In Memory: Joan Larsen
Dear Laurentian community,
I write with the sad news that Joan Larsen, the emerita head of reference and bibliographic instruction at Owen D. Young Library, has died.
Her family shared that Joan passed peacefully early in the morning on December 15 after a short battle with cancer. She was 82.
A lover of information and knowledge, Joan believed they were both instrumental in bringing people together. Throughout her career at St. Lawrence, she saw this happen—she made it happen—quite often. For Joan, learning was a path to celebrating difference. Not only did she find great joy and meaning in this work, it embodied her.
After earning her master’s degree in library science at SUNY Albany, Joan joined the ODY staff in 1977. Joan helped give shape to St. Lawrence’s Basic Academic Skills program. She was a key leader in developing the University’s renowned First-Year Program, which became a national model for engaging incoming students. Joan served multiple terms as a member of the University’s faculty council and was the coordinator of Jewish Student Life on campus for many years. Even after her retirement in 2011, she continued working part-time in this role through the spring of 2021.
Her lifelong passion for learning, for collaborative instruction and for the overall pursuit of knowledge was recognized in 2002 when Joan was awarded the University’s prestigious Louis and Frances Maslow Award, which honors a Laurentian’s interest in and understanding of the education and welfare of the student body as a whole.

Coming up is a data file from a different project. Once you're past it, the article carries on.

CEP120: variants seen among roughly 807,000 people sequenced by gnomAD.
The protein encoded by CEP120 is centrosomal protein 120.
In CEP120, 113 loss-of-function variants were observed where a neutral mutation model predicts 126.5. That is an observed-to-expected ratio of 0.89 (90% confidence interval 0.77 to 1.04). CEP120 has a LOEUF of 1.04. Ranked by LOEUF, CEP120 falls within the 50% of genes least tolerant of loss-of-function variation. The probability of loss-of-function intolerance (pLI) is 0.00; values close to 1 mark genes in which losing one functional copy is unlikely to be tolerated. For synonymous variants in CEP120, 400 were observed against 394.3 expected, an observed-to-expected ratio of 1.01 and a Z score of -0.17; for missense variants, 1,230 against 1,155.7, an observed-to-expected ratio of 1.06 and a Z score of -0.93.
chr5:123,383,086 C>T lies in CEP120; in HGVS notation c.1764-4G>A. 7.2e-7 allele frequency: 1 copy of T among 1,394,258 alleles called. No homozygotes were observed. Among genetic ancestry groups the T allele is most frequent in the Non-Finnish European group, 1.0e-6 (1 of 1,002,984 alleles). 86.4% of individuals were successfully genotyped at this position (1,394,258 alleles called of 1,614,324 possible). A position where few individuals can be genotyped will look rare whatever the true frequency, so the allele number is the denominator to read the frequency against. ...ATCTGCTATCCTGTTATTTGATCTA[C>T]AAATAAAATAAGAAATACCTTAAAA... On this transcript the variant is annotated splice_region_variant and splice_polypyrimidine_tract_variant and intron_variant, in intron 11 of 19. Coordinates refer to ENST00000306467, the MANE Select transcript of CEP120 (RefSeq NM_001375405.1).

She cared deeply about her Jewish heritage as well as the cultures of other groups that struggle against underrepresentation and discrimination. She passionately supported people of all backgrounds and lent her voice to the call for peace, justice, diversity, inclusion, and equity.
Joan Audrey (Chaya Zelda) Bricker Larsen was born on Yom Kippur (September 22, 1939) in Bronx, New York. She studied biology, graduating Phi Beta Kappa, at City College of New York in 1960 and earned a master’s degree in biology at Stanford University in 1963.
In 1962, Joan married Ronald John Larsen in Palo Alto, California. She is survived by her husband of nearly 60 years as well as family across the country.
She was buried in the Jewish section of Rose Hill Cemetery in Chicago, Illinois, surrounded by family. Memorial contributions can be made in Joan’s name to the Yiddish Book Center in Amherst, Massachusetts (www.yiddishbookcenter.org).
As we remember our friend and colleague and grieve her loss, we honor Joan and the dedicated life she lived. With deep admiration, we are thankful for her long service to St. Lawrence and the generations of Laurentians she taught. May her memory be a blessing.
Longtime colleague and friend Bob Thacker, Charles A. Dana Professor of Canadian Studies and English Emeritus, had this to say about Joan, “For well over twenty-five years, Joan Larsen was among my closest friends and colleagues on the St. Lawrence faculty—the hallmark of our work together was the creation and development of the First-Year Program, most especially its research goals. There was almost nothing happening at the University that was not her concern. She cared deeply, completely, about this place and the role of knowledge here, for ourselves as a faculty and most absolutely for our students. Let one anecdote suffice: When it became clear in 2000 that Alice Munro would cooperate with me as her biographer (well before her 2013 Nobel Prize in Literature), my excellent friend Joan gave me typically sharp advice on this project, which she then aided in myriad ways: ‘Don’t screw it up, Bob.’ That verb was not the actual one, but Joan’s advice rang true in my ears throughout the whole time I worked and wrote. Joan Larsen always knew and asserted true, clear, and essential human values. We had no one else like her.”